Giving Voice to a Silent Epidemic in Oral Health

Robert J. Collins, DMD, MPH


September 11, 2012

In This Article
Join the Discussion: Dentists and oral health professionals - please join the discussion on this topic.

Dental Care Access in the Spotlight

In the decade following the first US Surgeon General's report on oral health,[1] the lack of access to dental care in the United States has received considerable attention from the media and decision-makers. Driving the increased focus on the shortcomings of the dental care system was the case of Deamonte Driver, a boy in Maryland who was unable to obtain treatment for an infected tooth that led to a brain abscess and his eventual death.[2]

The media frequently report on the never-ending lines that form for volunteer-staffed clinics that periodically offer free dental care to Americans with acute needs and no resources with which to pay.[3,4] Concomitantly, persons in dental pain who have no other treatment options seek relief from nondentists[5] or from hospital emergency departments in the form of pain medication and antibiotics, a course of action that is extremely expensive and provides only temporary respite.[6,7] The access problem is most severe for low socioeconomic and minority populations and those living in rural areas. Dentists favor establishing their practices in urban and suburban areas, where more social amenities exist and patients are better able to afford their services.[8]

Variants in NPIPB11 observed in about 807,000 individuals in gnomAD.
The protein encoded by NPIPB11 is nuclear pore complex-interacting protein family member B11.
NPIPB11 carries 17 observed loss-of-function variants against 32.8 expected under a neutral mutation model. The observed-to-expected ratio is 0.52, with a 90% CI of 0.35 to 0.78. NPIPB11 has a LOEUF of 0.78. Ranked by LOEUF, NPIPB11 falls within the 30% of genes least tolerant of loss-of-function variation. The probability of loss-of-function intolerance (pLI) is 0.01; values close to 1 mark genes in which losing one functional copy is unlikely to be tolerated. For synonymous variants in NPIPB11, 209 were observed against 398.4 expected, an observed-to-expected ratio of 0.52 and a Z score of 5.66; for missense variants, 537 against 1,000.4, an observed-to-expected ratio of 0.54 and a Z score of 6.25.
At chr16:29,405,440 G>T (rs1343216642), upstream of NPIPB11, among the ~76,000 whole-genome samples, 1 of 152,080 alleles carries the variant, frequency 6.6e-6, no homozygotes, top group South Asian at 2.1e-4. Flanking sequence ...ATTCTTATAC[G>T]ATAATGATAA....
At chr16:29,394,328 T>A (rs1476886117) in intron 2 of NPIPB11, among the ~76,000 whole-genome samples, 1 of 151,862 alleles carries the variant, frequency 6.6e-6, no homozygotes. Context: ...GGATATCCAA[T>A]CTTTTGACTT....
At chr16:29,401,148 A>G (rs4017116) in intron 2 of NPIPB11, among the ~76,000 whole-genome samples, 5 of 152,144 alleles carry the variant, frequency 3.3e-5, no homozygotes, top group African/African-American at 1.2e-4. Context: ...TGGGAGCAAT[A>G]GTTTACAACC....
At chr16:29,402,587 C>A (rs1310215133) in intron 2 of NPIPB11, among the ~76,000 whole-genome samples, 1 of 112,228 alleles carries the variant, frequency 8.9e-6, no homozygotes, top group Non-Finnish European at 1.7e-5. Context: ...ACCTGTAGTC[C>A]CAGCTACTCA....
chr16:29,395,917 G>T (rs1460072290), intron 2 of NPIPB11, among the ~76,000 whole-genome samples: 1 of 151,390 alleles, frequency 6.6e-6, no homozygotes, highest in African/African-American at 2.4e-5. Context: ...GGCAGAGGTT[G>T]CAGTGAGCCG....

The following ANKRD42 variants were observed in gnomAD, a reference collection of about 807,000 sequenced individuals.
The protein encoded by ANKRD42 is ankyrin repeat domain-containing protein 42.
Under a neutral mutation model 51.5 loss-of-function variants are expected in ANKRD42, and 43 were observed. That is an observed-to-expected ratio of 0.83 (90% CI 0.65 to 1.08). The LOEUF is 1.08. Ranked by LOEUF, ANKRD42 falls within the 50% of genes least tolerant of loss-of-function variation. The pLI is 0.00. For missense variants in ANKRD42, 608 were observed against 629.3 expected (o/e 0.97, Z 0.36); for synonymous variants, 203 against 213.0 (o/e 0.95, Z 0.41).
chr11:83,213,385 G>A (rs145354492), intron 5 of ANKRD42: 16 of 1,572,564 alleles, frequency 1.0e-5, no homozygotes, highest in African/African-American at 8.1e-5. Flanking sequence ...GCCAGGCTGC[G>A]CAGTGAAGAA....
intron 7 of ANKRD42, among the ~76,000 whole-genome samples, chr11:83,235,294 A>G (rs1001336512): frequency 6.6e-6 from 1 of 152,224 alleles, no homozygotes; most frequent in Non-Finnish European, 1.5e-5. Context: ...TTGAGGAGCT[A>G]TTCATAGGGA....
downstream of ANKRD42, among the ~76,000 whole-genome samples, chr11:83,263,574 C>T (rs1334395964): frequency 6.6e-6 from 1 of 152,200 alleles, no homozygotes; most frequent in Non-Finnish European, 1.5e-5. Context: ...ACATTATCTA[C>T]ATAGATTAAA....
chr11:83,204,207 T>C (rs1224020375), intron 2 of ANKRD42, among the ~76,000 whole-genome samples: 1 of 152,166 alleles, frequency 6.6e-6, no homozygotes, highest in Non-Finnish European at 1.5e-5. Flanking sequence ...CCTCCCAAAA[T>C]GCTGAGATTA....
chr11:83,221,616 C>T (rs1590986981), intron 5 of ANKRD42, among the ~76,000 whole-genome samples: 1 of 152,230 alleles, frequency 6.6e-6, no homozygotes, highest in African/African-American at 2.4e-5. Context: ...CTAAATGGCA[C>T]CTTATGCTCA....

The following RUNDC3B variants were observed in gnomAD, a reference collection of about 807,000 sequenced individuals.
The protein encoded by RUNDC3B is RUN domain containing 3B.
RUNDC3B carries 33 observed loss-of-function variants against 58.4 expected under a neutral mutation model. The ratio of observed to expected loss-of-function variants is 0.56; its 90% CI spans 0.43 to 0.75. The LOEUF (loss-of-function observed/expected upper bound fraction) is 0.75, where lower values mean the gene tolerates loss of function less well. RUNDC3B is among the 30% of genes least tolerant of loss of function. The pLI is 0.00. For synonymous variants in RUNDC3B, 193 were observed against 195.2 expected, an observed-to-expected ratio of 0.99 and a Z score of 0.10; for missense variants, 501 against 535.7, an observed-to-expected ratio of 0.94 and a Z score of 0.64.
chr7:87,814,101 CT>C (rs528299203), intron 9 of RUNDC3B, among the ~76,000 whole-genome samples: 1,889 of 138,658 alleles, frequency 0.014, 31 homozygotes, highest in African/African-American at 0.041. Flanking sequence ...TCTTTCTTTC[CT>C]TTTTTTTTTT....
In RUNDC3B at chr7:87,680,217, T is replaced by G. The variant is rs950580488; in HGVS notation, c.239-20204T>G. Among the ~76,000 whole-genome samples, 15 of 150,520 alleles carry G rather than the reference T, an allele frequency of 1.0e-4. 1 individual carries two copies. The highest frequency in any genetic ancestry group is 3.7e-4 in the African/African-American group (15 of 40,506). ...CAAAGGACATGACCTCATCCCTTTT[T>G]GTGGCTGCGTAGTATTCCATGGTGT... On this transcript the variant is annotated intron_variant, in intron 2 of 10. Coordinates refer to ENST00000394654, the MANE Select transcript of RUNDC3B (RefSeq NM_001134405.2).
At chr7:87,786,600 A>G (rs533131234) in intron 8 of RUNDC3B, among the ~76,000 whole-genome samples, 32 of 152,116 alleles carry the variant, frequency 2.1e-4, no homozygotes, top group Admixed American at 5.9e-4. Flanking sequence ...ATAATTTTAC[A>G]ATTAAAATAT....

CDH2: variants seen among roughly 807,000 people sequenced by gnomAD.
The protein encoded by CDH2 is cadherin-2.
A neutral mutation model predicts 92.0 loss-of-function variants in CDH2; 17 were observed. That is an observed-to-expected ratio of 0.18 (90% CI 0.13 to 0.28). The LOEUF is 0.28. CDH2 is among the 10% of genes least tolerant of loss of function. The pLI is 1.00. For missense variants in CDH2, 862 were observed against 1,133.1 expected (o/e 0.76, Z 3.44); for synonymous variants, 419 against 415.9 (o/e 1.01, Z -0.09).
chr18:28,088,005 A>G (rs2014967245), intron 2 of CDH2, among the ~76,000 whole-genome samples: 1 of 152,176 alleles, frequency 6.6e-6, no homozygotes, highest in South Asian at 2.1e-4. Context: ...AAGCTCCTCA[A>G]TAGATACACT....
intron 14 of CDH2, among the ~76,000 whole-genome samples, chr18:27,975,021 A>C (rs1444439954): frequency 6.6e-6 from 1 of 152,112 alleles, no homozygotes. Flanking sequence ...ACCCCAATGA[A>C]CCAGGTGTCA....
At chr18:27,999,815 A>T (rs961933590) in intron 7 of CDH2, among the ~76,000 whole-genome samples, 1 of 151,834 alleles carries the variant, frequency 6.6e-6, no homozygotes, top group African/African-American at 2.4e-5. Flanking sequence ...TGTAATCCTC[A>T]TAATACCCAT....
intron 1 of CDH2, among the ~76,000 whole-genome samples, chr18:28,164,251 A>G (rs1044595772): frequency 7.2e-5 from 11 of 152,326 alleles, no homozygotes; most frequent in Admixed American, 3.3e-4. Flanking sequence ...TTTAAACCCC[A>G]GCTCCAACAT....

The public's recognition and understanding of the problem of lack of access to dental care is a good thing if it proves to be the first step in the development of a solution to a heretofore "silent epidemic."[1] The access problem has existed for a long time, and yet somehow has remained "under the radar" and unresolved by either the profession or government.

The problem is clear, and the public's attention is focused; how should we address the lack of access? Thus far, we have offered treatment-based solutions, an approach that seems reasonable on the surface. After all, the problem is one of toothaches, infection -- even death -- so, for goodness sake, get some treatment for these folks! How do we do that?

Some say, produce more dentists. Many communities would build additional dental schools, perhaps encouraged by such institutions as the Arizona School of Dentistry and Oral Health (ASDOH), which has had some success in getting a larger portion of their graduates into practices that serve the poor and near-poor.[9]

The profession argues that we need to increase reimbursement rates so that more dentists will participate in such programs as Medicaid and the Children's Health Insurance Program (CHIP).

Still others propose making better use of current professionals, and introducing new dental auxiliaries who have the skills to extract teeth and provide restorative care with or without a dentist in immediate attendance. Let's take a brief look at each of these proposed solutions.